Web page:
Outgoing chair of Bishop's Stortford's Portland Child Contact Centre says her role was a 'privilege'
A key figure in a Bishop's Stortford children's centre says seeing children reacquaint themselves with a separated parent is "simply the best".
After standing down from her role as chair of Portland Child Contact Centre, Angela Weeks said the most joyful thing was "watching children, who may not have seen a parent or grandparent for quite some time, rush into our meeting room and have a really big hug".
The group, based at The Hub Church, Portland Road, celebrated its 21st year at its annual general meeting on Saturday August 14) and welcomed 21 current and former volunteers.
The centre offers a safe, friendly and neutral place where children of separated families can spend time with one or both parents and sometimes other family members.
Barbara Eldridge spoke of the early days of the centre in 2000-01 and four members were given long service certificates and gifts.
Sarah Fahy was elected chair after Angela stepped down and four other management group positions were filled: Lynne Miller as deputy chair, Aniko King as treasurer, Jan Bisschoff as chaplain and mentor, and Diane Welsh to advise on governance and court-related matters.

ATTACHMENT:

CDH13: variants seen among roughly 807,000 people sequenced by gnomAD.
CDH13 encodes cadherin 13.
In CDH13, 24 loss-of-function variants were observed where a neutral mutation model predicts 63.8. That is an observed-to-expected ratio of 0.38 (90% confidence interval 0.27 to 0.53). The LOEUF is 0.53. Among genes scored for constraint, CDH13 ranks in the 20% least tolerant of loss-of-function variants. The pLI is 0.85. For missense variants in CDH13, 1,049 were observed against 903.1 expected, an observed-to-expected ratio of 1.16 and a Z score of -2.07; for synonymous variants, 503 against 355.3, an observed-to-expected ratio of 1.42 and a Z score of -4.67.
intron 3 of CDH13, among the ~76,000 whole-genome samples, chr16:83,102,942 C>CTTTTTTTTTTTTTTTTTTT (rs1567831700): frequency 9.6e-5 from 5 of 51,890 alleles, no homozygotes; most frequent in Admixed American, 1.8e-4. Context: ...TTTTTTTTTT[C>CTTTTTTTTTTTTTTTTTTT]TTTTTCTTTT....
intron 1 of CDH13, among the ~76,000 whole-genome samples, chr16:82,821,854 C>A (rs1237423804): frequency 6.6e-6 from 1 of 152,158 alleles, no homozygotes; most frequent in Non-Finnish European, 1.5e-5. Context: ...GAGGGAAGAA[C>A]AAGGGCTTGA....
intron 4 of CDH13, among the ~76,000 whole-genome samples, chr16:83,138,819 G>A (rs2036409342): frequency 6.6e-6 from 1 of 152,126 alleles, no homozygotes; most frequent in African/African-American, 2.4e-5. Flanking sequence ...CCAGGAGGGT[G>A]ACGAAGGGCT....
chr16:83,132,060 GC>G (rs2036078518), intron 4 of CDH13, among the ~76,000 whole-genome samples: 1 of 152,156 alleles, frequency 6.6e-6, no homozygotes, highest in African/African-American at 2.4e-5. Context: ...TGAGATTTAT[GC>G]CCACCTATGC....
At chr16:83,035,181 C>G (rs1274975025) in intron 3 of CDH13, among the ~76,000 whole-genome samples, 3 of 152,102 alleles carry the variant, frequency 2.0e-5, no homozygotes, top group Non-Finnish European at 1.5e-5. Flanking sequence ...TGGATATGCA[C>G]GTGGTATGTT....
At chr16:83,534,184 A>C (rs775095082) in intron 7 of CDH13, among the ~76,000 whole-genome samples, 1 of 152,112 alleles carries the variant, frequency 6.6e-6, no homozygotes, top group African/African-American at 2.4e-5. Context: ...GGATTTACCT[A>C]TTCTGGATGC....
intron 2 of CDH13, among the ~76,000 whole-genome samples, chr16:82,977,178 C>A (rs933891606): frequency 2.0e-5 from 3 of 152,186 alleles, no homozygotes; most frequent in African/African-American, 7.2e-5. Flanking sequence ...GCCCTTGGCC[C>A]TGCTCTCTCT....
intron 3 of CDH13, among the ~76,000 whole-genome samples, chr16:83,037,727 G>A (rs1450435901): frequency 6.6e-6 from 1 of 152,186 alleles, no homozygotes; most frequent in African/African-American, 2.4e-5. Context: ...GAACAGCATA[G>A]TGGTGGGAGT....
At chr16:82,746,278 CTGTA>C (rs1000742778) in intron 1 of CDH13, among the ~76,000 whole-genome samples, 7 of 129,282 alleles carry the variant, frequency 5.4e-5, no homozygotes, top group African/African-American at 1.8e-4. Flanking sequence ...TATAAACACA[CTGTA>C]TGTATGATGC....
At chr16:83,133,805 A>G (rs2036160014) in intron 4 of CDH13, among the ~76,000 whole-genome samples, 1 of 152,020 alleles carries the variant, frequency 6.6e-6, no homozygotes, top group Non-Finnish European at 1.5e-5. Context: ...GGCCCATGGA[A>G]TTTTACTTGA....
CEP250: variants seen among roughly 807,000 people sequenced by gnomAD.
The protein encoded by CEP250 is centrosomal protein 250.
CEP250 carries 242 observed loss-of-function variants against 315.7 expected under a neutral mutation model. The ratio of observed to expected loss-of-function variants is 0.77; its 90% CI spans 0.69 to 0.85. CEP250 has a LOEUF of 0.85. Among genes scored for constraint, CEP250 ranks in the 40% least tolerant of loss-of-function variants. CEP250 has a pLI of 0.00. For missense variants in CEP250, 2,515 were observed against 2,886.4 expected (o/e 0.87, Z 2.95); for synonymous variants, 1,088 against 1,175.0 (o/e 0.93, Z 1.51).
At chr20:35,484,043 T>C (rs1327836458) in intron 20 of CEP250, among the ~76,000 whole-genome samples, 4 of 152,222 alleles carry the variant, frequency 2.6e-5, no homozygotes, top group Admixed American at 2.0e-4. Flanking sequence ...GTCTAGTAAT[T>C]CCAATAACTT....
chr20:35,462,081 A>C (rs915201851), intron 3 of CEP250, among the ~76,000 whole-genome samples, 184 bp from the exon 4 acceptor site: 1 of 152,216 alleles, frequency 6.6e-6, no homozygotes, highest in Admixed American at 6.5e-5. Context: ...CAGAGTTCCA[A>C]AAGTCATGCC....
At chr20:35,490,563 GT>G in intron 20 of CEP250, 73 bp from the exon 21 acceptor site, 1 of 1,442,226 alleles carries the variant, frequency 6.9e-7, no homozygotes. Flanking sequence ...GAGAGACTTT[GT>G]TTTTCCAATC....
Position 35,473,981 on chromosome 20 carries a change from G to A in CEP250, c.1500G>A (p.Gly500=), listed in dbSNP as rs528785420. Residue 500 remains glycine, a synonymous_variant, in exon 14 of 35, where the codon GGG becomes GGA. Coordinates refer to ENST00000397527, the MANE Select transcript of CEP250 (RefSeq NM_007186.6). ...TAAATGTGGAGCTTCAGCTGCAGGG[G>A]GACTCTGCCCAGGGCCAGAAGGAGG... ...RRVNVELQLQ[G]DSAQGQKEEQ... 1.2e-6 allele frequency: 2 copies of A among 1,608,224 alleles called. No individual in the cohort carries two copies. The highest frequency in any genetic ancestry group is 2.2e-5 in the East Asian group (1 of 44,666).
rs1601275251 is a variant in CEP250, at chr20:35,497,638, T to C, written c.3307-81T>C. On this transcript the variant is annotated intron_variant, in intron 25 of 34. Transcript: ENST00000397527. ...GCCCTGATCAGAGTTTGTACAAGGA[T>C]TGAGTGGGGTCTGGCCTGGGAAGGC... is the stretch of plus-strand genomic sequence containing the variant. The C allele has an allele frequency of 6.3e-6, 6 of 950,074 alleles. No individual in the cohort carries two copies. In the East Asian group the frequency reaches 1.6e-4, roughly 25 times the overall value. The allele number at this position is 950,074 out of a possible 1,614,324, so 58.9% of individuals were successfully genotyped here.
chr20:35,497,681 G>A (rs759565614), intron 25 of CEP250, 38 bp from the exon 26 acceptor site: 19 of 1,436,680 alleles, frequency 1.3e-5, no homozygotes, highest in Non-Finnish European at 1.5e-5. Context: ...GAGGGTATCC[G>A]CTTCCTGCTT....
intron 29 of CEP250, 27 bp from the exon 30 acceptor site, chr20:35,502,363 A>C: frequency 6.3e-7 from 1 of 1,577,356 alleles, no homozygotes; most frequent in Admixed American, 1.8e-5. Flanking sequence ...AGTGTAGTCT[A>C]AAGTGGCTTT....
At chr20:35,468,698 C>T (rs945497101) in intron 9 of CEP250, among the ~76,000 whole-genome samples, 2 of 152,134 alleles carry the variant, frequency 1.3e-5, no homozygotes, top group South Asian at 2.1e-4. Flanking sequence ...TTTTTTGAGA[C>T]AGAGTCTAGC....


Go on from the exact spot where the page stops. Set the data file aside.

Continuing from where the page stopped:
Speaking of her joy at seeing families being reunited, Angela added: "Of course, it doesn’t always happen like that – it may take several visits for child and parent to get reacquainted – but that is simply the best.
"The second best is when we see families where parents haven't been able to talk to each other at the beginning of their sessions with us walk out of the centre together. Maybe the parents’ relationship cannot be 'mended', but at least they can talk to each other to help their child/ren know they're loved by both of them."
Angela added: "It's been a privilege to be a volunteer and now, as I hand over to Sarah, I pray the centre will to continue to serve the needs of our community."
New chair Sarah said: "I've been interested in work around families for a long time, keeping children’s needs in focus and supporting parents to develop and maintain good relationships with them, especially when these are challenged, for instance when families live apart.
"I've been able to do this throughout my career as a psychotherapist and counsellor and also, at an earlier stage, as a family mediator and mediation service and practice manager of the family mediation service in Harlow."
Sarah added: "I have three grown-up children and two young grandsons, all of whom are teaching me what it's like to be growing up in the 21st century and, in turn, what that means for parents and grandparents."